But next up was actually cooking, using a hot as hell wok. I started sweating again, and not from the hot wok. Did I want her to get anywhere near it? Hell no! Did I? You betcha.
I’ve got to give Olivia credit. She may have been nervous about cooking, but she didn’t show it, and didn’t get upset when she had to redo the sauce.
But redoing the sauce meant a finished product that brought her a big smile.
Smiles are one thing, but the proof is in the taste.
If you ask her sisters, they really liked it, Erin probably more than Carrie. The nearly 4-year old was mugging more for the camera than actually eating.
The adults liked it all right, but there was a problem that had nothing to do with the cook. We topped ours with some chopped peanuts, which unfortunately expired in February of 2010! Oops. Rancid peanuts will never make a meal tasty, no matter how good the cook.
Olivia didn’t seem troubled by the bad nuts, and she’s already talking about the next meal she wants to make: English scones. Luckily it doesn’t have nuts.
He’s been all over the world, and now in his new show The Layover, Anthony Bourdain returns to my turf, San Francisco. If you haven’t seen the show, which I highly recommend, Bourdain spends about 30 hours drinking his way through a city. I didn’t particularly like the first few episodes because it felt like a cheap off label version of Bourdain’s original series No Reservations. Yeah, I’ll watch it if nothing else is on, but if I want the good stuff, I’ll save up for it. Well I was low on TV options so I decided to catch up on a couple of The Layover episodes, and I have to say, they’ve gotten better.
Maybe I’m biased because I love San Francisco, or maybe it’s because he was inebriated for 29 out of the 30 hours he spent in SF, but it was funny. Damn funny. Any show that starts off in the Tonga Room at San Francisco’s Fairmont Hotel is bound to spark a fair amount of hilarity, and this episode of The Layover did not disappoint. It was like watching a progressive pub crawl in fast forward and skipping the right to the slurred words and stumbling in the street scenes. I lost count of the amount of drinks Bourdain consumed. He had at least three potent drinks served with fancy umbrellas in huge lava or skull themed glasses. I’ve been to the Tonga Room a couple of times, even used it as a backdrop for a news special I produced, but never, ever did I try even a fraction of the drinks Bourdain enjoyed.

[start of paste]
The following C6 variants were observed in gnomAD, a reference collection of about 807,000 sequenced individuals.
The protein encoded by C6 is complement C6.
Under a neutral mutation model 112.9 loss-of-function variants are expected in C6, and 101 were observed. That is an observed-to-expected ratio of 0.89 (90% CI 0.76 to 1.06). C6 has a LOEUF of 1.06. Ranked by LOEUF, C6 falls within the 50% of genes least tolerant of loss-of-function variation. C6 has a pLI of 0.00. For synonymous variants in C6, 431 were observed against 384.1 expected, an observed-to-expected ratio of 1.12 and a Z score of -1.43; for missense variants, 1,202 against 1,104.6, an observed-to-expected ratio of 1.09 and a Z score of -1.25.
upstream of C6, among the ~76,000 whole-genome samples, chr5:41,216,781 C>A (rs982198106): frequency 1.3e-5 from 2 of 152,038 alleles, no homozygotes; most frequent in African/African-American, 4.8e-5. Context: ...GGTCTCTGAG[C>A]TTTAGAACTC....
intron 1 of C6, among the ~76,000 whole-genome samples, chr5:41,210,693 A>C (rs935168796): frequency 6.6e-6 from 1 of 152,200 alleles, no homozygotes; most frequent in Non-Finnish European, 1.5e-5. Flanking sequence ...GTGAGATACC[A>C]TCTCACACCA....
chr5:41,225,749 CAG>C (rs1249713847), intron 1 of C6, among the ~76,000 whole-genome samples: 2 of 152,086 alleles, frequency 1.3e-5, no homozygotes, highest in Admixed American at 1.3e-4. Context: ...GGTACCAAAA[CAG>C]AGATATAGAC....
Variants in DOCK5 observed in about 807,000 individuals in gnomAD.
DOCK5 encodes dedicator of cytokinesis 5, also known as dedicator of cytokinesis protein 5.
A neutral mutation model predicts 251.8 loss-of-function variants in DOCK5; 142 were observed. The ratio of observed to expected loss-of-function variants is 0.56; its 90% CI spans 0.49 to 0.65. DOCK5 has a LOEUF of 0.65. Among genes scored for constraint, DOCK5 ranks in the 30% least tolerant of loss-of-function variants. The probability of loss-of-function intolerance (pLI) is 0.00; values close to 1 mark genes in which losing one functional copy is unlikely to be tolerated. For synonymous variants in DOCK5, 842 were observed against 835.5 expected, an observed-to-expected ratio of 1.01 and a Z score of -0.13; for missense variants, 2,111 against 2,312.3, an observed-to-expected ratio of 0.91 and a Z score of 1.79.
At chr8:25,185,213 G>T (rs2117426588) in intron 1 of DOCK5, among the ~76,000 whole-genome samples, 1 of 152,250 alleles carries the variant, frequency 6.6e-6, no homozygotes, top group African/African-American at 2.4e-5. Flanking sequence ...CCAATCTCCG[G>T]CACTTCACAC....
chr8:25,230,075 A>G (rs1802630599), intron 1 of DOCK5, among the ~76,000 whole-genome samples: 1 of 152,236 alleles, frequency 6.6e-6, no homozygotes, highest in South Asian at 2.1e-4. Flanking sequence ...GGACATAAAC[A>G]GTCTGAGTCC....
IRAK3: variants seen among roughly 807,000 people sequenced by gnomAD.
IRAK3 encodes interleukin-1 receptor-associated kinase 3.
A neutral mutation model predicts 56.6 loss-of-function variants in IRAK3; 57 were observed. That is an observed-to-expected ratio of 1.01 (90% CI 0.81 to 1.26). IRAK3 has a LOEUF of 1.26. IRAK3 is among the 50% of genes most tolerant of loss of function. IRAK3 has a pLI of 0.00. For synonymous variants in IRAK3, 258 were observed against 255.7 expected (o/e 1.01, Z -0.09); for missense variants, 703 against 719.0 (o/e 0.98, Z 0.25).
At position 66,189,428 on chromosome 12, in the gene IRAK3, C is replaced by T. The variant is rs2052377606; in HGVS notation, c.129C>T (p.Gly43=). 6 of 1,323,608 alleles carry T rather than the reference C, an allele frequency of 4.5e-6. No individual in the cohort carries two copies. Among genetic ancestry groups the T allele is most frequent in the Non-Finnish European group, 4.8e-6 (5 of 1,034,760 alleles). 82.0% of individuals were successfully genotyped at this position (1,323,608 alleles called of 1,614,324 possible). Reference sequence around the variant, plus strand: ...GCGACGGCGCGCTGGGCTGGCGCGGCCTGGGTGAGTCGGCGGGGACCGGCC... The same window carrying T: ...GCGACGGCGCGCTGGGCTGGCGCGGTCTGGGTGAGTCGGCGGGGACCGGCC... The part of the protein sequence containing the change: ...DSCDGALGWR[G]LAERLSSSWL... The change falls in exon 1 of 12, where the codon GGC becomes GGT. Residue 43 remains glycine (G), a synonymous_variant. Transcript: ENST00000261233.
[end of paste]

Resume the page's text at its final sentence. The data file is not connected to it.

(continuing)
From Nob Hill, he continued his San Francisco tour through a one of a kind Chinatown bar, and then headed into another bar where the dude behind the counter wore a tie. Bourdain eventually ended up at a pizza and burger joint that’s known for staying open late. The chef and foodie is in one of the top food cities in the world and he’s scarfing down a double cheeseburger. Yep, that pretty much sums up The Layover. The show highlights people, places, and drinking establishments that you’ll never read about in Fodor’s or Rick Steve’s guide books, but still make you want to visit. Hell, I was just happy Bourdain didn’t dog San Francisco again, like he’s been known to do on No Reservations. It’s probably because he was drunk almost throughout the entire episode, but Bourdain was effusive in his love for SF. I think at one point he even said it’s the best drinking city in the world.
After watching probably a half-dozen episodes of The Layover, I’ve noticed something. The drunker Bourdain, the better the episode. In fact, I’m watching the one on Miami as I write this, and Bourdain is way more sober, and it’s nowhere near as good as the San Francisco episode. So if Bourdain were to ever ask my producing advice for his show, I’d tell him to do what he did in San Francisco. Drink early and often. It may not serve him well on the flight home, but it makes for entertaining television.
It wouldn’t be Thanksgiving without overindulging in butter laden carbs and sweet gooey pecan pie with your family by your side. I’m thankful that I had both good food and family to enjoy it with this Thanksgiving.
We originally thought it would just be our immediate family, but at the last minute, Van’s sister decided to join us. I’m not sure who was happier, us or the kids. “Auntie” is one of the best house guests you can ask for. She’s very low maintainance, empties the dishwasher, and never seems to tire of playing UNO. Every time she visits, we beg her to relocate. Maybe if we issue a moratorium on kiddie card games, she’ll actually take us up on our request.
While Auntie spent countless hours entertaining the kids, Van and I cooked.